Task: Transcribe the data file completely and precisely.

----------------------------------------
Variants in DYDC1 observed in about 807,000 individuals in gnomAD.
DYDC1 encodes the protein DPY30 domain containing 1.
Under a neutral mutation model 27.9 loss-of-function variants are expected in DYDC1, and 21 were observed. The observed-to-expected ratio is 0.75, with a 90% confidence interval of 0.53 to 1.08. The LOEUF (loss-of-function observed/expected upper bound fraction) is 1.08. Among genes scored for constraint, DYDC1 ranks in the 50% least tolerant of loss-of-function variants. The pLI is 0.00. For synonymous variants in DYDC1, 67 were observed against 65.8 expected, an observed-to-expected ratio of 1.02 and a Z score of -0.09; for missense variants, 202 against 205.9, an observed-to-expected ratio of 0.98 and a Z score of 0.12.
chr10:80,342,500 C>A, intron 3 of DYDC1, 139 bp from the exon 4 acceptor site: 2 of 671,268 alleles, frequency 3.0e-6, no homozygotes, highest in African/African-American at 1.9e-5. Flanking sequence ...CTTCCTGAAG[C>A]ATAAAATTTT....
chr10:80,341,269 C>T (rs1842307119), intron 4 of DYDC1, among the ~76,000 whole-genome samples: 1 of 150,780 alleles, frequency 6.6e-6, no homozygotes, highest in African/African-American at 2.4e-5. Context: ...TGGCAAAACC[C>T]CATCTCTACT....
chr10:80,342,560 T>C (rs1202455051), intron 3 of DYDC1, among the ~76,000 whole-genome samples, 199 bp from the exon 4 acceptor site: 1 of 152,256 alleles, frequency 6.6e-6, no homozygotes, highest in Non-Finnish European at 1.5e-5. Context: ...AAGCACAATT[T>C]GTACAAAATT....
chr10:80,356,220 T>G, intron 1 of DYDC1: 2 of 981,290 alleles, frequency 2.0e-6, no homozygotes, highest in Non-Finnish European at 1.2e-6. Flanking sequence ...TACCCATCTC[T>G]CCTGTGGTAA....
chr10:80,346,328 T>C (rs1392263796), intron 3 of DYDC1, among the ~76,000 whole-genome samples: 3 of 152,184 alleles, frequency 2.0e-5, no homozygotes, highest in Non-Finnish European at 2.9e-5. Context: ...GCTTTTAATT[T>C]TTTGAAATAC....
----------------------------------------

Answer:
Variants in DYDC1 observed in about 807,000 individuals in gnomAD.
DYDC1 encodes the protein DPY30 domain containing 1.
Under a neutral mutation model 27.9 loss-of-function variants are expected in DYDC1, and 21 were observed. The observed-to-expected ratio is 0.75, with a 90% confidence interval of 0.53 to 1.08. The LOEUF (loss-of-function observed/expected upper bound fraction) is 1.08. Among genes scored for constraint, DYDC1 ranks in the 50% least tolerant of loss-of-function variants. The pLI is 0.00. For synonymous variants in DYDC1, 67 were observed against 65.8 expected, an observed-to-expected ratio of 1.02 and a Z score of -0.09; for missense variants, 202 against 205.9, an observed-to-expected ratio of 0.98 and a Z score of 0.12.
chr10:80,342,500 C>A, intron 3 of DYDC1, 139 bp from the exon 4 acceptor site: 2 of 671,268 alleles, frequency 3.0e-6, no homozygotes, highest in African/African-American at 1.9e-5. Flanking sequence ...CTTCCTGAAG[C>A]ATAAAATTTT....
chr10:80,341,269 C>T (rs1842307119), intron 4 of DYDC1, among the ~76,000 whole-genome samples: 1 of 150,780 alleles, frequency 6.6e-6, no homozygotes, highest in African/African-American at 2.4e-5. Context: ...TGGCAAAACC[C>T]CATCTCTACT....
chr10:80,342,560 T>C (rs1202455051), intron 3 of DYDC1, among the ~76,000 whole-genome samples, 199 bp from the exon 4 acceptor site: 1 of 152,256 alleles, frequency 6.6e-6, no homozygotes, highest in Non-Finnish European at 1.5e-5. Context: ...AAGCACAATT[T>C]GTACAAAATT....
chr10:80,356,220 T>G, intron 1 of DYDC1: 2 of 981,290 alleles, frequency 2.0e-6, no homozygotes, highest in Non-Finnish European at 1.2e-6. Flanking sequence ...TACCCATCTC[T>G]CCTGTGGTAA....
chr10:80,346,328 T>C (rs1392263796), intron 3 of DYDC1, among the ~76,000 whole-genome samples: 3 of 152,184 alleles, frequency 2.0e-5, no homozygotes, highest in Non-Finnish European at 2.9e-5. Context: ...GCTTTTAATT[T>C]TTTGAAATAC....